VA CHEF IN BAY AREA JANUARY 7-14, WHERE DO I EAT? NO RESTRICTIONS
I'm gonna be staying in Sonoma County for a week on vacation with my girlfriend. All I know the area has is great wine, the French Laundry, some great restaurants (Chez Panisse, Gary Danko) and authentic Vietnamese in San Fran. I spend whatever money I have on dining, which in this case would be a max. of two Danko, Panisse ($110 a personish) meals or one French Laundry meal at the upper end. That being said, I would also like to have a dining experience each day (prix fixe lunch, whatever) that will give me something I can't get in Charlottesville, VA. I should have access to a car, and am also open to any vineyard suggestions/dining/culinary excursions that you can come up with.
An overview of the area's restaurant districts, cusine types, favorite restaurants, price points, budget meals, ANYTHING about the area's culinary scene would be helpful to me. This is a once in a lifetime experience and I want to taste as much of the Bay Area's kickass food as I can.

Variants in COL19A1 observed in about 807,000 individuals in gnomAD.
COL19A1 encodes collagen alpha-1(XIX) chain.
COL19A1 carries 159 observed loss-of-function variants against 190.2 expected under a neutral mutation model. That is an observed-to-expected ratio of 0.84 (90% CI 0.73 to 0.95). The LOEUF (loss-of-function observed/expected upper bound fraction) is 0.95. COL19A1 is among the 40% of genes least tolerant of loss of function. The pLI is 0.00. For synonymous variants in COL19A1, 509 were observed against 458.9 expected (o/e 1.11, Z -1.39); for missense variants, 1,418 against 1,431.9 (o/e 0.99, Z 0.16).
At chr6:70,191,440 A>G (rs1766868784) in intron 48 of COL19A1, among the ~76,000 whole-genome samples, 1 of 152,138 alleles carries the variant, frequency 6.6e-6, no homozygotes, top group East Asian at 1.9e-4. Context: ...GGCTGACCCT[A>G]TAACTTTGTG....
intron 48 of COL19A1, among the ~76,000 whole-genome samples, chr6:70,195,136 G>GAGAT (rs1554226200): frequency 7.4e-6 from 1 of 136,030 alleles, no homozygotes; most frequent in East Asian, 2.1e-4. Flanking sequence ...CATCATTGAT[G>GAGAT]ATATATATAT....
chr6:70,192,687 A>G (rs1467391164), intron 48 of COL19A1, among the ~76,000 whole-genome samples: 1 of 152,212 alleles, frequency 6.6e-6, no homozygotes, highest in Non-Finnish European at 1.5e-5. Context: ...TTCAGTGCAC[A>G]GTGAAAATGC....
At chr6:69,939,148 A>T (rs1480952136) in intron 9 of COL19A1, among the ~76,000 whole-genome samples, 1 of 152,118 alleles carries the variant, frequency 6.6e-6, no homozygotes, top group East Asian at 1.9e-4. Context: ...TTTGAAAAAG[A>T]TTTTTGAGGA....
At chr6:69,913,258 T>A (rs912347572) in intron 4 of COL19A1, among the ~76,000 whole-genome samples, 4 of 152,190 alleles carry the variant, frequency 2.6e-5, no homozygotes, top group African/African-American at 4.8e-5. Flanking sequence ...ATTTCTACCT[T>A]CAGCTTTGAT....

There is quite a bit of high end stuff as you know, and there is some good inexpensive ethnic. We have a high concentration of Indian restaurants, also Viet and different varieties of Chinese, if you've never eaten dim sum you must correct that oversight. Basically any east Asian country has put some example of its cuisine here. Also Lao, Cambodian, and don't forget the seafood, Dungeness crab & the oyster farms up in Tomales Bay, gorgeous country. Wine country is gorgeous as you will discover. You will find some good examples of Mexican and Central American chow and can eat iguana soup if you like, it's pretty good. Be warned, NorCal burritos are different from SoCal burritos, we tend to favor 'urban food logs', and no, I don't intend to start a religious argument. Also there are many favorite purveyors of very very good coffee that will ruin you for Starbucks, and innocent questions as to which is best have started many arguments on this board. I favor Cole's in Oakland, but Blue Bottle has many adherents and there are certainly quite a few good places in The City.
What *not* to look for: BBQ or bagels. The dearth of good bagels is a constant lament to transplanted E. coasters. BBQ is not bad, but we are not the epicenter in the same way that KC or Chicago or various Southern enclaves might make the claim.